Blowing Water

Stop lagging behind, Hong Kong, it’s high time to extend maternity leave

Giving mothers the right support to re-enter the workforce is a win-win for all, including employers and society at large, Luisa Tam argues

PUBLISHED : Monday, 08 October, 2018, 3:14pm
UPDATED : Monday, 08 October, 2018, 10:45pm

It is an absolute pleasure to see politicians who genuinely serve the people instead of themselves, and who are willing to go against all odds to fight for what is just and right.

In that regard, New Zealand’s Prime Minister Jacinda Ardern was truly a breath of fresh air when she brought her three-month-old daughter, Neve, into the United Nations assembly hall recently to attend a plenary meeting – the Nelson Mandela Peace Summit – which she also addressed.

Ardern had earlier shot to international fame for giving birth while in office – becoming the second world leader in history to do so. The first was the late Benazir Bhutto, Pakistan’s former prime minister.

By bringing her baby to the UN session, Ardern was making a point about the difficulties and challenges working mothers face in today’s increasingly unforgiving work environment. They are stigmatised and sidelined, and sadly they are assumed to be a burden in the workplace rather than an asset.

Can Carrie Lam bridge Hong Kong's maternity leave gap?

Working mothers, especially those with infants, often have to squeeze both childcare and work into a busy day. In Ardern’s case, her version of a busy day would certainly overwhelm any working mother – or father, for that matter.

The prime minister is the embodiment of today’s modern woman and is one of the bastions of feminism. From pregnancy to motherhood to the empowerment of women alongside the rising sentiment of the global #MeToo movement, she is not only demonstrating the significant role of women in society but also how they should be treated and respected, no matter what roles they play.

The way Ardern juggles motherhood and the premiership with such (seemingly) great ease may have awed women and men alike across the globe. But many working mothers around the world are struggling in similar ways; no matter who they are, they are all trying to pack in as much as possible on any given day to raise a family and make a living.

Being a mother is hard enough, and being a working mother is even more difficult. Society should lend a helping hand to women raising children in whatever way possible.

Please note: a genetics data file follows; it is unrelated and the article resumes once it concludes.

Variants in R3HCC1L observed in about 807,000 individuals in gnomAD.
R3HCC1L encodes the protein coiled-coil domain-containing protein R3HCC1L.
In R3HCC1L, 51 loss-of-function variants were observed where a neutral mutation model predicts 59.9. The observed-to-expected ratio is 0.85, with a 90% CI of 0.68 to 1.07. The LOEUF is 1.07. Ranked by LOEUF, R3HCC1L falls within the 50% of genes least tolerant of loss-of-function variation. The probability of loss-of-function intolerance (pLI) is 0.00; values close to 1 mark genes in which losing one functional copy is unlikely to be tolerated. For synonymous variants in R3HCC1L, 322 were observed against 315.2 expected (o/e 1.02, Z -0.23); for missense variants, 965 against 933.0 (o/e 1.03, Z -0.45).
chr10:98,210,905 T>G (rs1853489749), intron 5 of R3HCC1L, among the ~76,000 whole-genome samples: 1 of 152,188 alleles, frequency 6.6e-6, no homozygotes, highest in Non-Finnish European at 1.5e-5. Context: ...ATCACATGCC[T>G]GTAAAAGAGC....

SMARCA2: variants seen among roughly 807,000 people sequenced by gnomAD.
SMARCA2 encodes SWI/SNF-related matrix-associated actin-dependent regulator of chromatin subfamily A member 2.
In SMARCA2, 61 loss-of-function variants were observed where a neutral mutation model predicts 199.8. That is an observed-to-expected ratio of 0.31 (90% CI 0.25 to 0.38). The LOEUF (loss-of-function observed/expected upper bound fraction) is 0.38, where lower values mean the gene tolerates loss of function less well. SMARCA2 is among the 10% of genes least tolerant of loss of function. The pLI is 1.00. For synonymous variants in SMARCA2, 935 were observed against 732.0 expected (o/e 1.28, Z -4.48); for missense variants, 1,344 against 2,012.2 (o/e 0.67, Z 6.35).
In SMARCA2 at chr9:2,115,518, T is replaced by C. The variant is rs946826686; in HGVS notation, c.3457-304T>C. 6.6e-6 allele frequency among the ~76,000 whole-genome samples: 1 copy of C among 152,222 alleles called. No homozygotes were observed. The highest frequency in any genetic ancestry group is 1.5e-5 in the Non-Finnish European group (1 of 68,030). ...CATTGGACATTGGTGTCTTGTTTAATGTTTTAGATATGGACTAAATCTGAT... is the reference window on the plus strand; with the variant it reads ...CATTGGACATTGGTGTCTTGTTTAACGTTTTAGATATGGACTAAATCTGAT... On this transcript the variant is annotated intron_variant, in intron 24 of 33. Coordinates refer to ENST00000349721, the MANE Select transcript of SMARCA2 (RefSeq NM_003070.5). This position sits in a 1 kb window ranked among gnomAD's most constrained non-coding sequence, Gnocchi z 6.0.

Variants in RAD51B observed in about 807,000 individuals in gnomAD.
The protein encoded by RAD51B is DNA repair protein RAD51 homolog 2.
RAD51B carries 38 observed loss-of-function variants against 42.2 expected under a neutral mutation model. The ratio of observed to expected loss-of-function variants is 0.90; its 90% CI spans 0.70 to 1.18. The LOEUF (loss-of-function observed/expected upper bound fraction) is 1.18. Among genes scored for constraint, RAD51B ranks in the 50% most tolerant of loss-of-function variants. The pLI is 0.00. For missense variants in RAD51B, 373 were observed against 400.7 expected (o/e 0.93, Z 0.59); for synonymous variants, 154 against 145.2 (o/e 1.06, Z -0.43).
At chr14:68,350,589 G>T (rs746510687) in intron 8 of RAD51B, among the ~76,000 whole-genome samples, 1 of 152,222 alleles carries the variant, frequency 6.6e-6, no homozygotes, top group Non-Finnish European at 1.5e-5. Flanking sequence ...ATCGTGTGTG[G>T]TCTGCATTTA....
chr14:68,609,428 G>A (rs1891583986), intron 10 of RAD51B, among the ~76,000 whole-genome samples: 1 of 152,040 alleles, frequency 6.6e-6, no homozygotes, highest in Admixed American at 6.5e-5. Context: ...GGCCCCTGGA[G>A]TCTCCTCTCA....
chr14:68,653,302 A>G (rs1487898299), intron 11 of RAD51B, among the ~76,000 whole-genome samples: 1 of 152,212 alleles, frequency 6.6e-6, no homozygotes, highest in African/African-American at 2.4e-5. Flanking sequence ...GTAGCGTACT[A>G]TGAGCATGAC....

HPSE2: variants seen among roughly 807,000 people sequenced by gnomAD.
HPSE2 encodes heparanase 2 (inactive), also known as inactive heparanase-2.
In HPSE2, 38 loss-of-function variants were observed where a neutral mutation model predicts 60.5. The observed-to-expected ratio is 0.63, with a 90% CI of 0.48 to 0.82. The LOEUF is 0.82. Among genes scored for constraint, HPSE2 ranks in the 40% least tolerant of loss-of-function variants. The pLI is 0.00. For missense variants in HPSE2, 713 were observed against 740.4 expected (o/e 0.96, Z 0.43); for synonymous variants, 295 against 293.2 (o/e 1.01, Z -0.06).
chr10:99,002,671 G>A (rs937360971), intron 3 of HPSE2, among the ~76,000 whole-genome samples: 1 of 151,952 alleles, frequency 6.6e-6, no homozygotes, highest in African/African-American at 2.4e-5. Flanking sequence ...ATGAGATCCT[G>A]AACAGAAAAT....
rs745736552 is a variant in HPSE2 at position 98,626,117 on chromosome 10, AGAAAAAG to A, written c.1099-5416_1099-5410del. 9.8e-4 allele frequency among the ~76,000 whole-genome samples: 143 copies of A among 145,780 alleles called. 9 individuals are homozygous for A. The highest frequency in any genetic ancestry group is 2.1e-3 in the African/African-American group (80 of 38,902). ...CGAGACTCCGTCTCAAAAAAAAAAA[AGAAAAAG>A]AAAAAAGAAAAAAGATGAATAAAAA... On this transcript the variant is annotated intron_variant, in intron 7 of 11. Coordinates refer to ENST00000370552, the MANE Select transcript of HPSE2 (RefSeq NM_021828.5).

In New Zealand, the current paid parental leave entitlement is 22 weeks and will go up further to 26 weeks from July 2020. The country used to offer one of the lowest such leave allowances among developed nations.

However, even as New Zealand becomes increasingly progressive in supporting working mothers, Hong Kong is still bitterly arguing over whether we should increase paid maternity leave from an abysmal 10 weeks to 14.

First sitting Hong Kong legislator to give birth wants to vote during maternity leave

While Hong Kong Chief Executive Carrie Lam Cheng Yuet-ngor is expected to announce the government’s support of 14 weeks’ maternity leave in her policy address this week, the sentiment among employers is shamefully unsupportive.

The most vocal opposition has come from the small- to medium-sized companies that make up 98 per cent of the city’s businesses. Their main concern is rising costs on top of the already unbearable high rents and a worsening labour shortage.

But Hong Kong is increasingly under pressure, with an ageing population and a declining birth rate – at 1.13 per female resident, possibly the lowest in the world.

For the population to remain steady so as to be productive, which directly impacts Hong Kong’s ability to maintain its international city status, having a fertility rate of 2.1 is the prerequisite for managing demographic changes due to ageing.

In short, we need more babies. But sadly, society does not want to pay for them by supporting working mothers. Like the reverse of the popular saying, “You can’t have your cake and eat it”, society wants it both ways.

Working mothers should be fairly and squarely compensated, and they should be allowed to have sufficient time to care for their infants after childbirth. They should also be welcomed back into working life and supported by their colleagues and superiors alike; this is how every employee ought to be treated, and working mothers are no exception.

Government considers subsidies to offset costs of extra maternity leave

Giving mothers the right support to re-enter the workforce is a win-win for all, and this includes families, companies, society at large and the government.

There have been calls for the government to subsidise employers for the cost of providing the extra maternity leave. The authorities, of course, should take the lead by implementing a more generous maternity leave allowance in the civil service. They should also subsidise the private sector to benefit employees across the board. Once the ball has started rolling, private businesses should follow suit and shoulder the costs.

In today’s competitive landscape, brand awareness is crucial to the success of any business. Not only will a caring company attract and retain happy employees and boost staff morale, it will also attract investment and boost brand value.

For now, we are still lagging far behind countries like Britain and some Nordic nations – which offer about a year or more of paid maternity leave – in terms of parental leave allowances.

It is time to start moving in the right direction. Let us start with 14 weeks’ maternity leave, which is certainly not too much to ask for these days. So cry, baby, cry – let them hear you and your call for all mothers to be paid and treated fairly here and everywhere else.

Luisa Tam is a senior editor at the Post